QCOSTARICA | Looking for a maid in Costa Rica can seem an easy thing, whether for full-time or part-time, in reality can be stressful and costly.
While there many small and informal agencies to help employers and domestic workers connect, several have built a reputation, one, like Domésticas CR, had business for 20 years.
Domésticas CR, Agencia de Empleadas Domésticas GDL, Femme and Esposas de Alquiler (wives for hire), offer options to meet the needs of its customers.
While a typical agency will change ¢20,000 colones for their services, others charge up to ¢75,000 or more. The fee assures the employer to connect with the right domestic worker, meeting the needs of hours, days worked and special needs. In some cases, the agency takes over the payroll process and assures that social security (Caja) contributions are made.
And while some agencies simply recommend a domestic worker, others do background checks, require reference letters and even a police record before presenting to the client.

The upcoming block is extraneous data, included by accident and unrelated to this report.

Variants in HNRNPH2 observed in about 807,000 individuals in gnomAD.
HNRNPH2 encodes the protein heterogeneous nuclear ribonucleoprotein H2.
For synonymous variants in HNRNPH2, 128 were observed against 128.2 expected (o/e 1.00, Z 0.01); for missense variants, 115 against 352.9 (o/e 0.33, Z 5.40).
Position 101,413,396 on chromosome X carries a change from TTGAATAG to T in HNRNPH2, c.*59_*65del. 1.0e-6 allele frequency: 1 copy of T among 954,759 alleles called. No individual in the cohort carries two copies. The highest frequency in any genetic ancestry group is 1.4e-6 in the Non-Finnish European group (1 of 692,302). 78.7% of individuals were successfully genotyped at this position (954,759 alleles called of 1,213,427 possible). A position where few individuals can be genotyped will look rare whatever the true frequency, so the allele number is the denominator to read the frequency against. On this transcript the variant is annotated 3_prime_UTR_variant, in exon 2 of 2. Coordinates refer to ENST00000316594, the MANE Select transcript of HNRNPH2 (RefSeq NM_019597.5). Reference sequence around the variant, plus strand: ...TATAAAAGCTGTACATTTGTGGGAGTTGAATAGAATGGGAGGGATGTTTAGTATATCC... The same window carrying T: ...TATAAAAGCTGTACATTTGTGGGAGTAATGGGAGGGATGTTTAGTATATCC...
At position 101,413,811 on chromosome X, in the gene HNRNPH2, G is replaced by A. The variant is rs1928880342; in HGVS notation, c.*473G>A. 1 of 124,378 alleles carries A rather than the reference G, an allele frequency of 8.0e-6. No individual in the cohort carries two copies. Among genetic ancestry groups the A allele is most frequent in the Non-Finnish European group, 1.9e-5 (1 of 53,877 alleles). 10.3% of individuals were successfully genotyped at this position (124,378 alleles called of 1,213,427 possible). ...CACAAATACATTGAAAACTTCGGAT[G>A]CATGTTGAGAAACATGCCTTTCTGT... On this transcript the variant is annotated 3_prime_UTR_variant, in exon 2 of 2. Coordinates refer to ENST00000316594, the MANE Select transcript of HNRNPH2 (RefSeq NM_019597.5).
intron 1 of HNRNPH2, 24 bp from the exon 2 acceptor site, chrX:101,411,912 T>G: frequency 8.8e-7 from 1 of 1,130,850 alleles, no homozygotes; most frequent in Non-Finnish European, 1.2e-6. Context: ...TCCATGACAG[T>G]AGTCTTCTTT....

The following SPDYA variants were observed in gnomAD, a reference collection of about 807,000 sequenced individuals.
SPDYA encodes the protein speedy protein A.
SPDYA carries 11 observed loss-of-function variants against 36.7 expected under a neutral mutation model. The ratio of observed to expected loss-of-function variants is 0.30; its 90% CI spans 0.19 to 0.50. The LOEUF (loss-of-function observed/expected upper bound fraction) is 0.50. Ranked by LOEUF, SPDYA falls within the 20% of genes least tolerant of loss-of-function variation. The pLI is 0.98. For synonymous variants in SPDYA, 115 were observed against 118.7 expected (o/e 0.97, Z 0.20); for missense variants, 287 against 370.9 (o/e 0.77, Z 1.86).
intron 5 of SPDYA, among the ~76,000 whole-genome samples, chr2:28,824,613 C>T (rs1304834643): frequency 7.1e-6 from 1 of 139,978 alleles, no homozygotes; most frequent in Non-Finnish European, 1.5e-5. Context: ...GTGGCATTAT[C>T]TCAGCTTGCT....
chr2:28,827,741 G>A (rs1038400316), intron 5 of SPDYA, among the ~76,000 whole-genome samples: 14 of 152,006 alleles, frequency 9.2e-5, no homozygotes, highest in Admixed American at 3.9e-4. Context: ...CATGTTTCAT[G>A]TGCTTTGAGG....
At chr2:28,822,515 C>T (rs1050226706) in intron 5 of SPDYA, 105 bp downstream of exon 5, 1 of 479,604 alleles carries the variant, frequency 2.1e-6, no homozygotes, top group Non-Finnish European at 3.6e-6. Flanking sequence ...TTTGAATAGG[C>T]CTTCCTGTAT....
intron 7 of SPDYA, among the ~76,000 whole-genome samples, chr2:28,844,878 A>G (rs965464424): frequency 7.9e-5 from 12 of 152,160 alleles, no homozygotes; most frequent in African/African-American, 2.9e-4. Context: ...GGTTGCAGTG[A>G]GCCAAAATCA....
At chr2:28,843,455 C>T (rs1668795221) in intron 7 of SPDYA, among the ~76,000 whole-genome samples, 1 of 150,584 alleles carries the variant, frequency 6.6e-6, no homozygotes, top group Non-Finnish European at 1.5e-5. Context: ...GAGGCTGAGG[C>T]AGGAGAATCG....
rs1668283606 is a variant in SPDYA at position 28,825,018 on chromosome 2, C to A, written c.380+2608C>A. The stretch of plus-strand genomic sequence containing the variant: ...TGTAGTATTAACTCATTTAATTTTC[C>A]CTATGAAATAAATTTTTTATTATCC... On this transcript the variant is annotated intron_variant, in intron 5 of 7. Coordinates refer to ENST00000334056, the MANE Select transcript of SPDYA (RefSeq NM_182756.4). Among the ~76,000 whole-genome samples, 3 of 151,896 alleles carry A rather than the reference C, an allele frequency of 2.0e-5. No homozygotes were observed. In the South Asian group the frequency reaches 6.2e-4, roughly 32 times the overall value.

Agencies can recommend the correct wage for full time work, or the number of hours to clean a small apartment, for example. Hiring through an agency can also reduce the possibility of theft and are there to help in the even of an accident.
A point often overlooked by employers is the trustworthiness of the person they are allowing into their homes, to their pesonal lives. The biggest fear has certainly to be theft, yet, is easily overlooked, taking on a maid that just happened to knock on their door at the right moment or a friend of a friend of a friend.
Hiring through a company allows a third-party to intervene in the event of an incident.
Many foreigners in Costa Rica hire a domestic to clean their home, look after their property, pets and even childcare. Often they forget the social responsibility that comes with the hiring, such as payments to the Caja, minimum wage, hours of work, conditions of employment , worker rights and bonuses, like the Aguinaldo, the year-end bonus payable by law to every salaried employee. And the process and responsibility of severance pay when the relationship comes to an end.
The current monthly minimum salary for a domestic worker (Servidoras domésticas) full time is ¢169,142 (US$316), plus meals.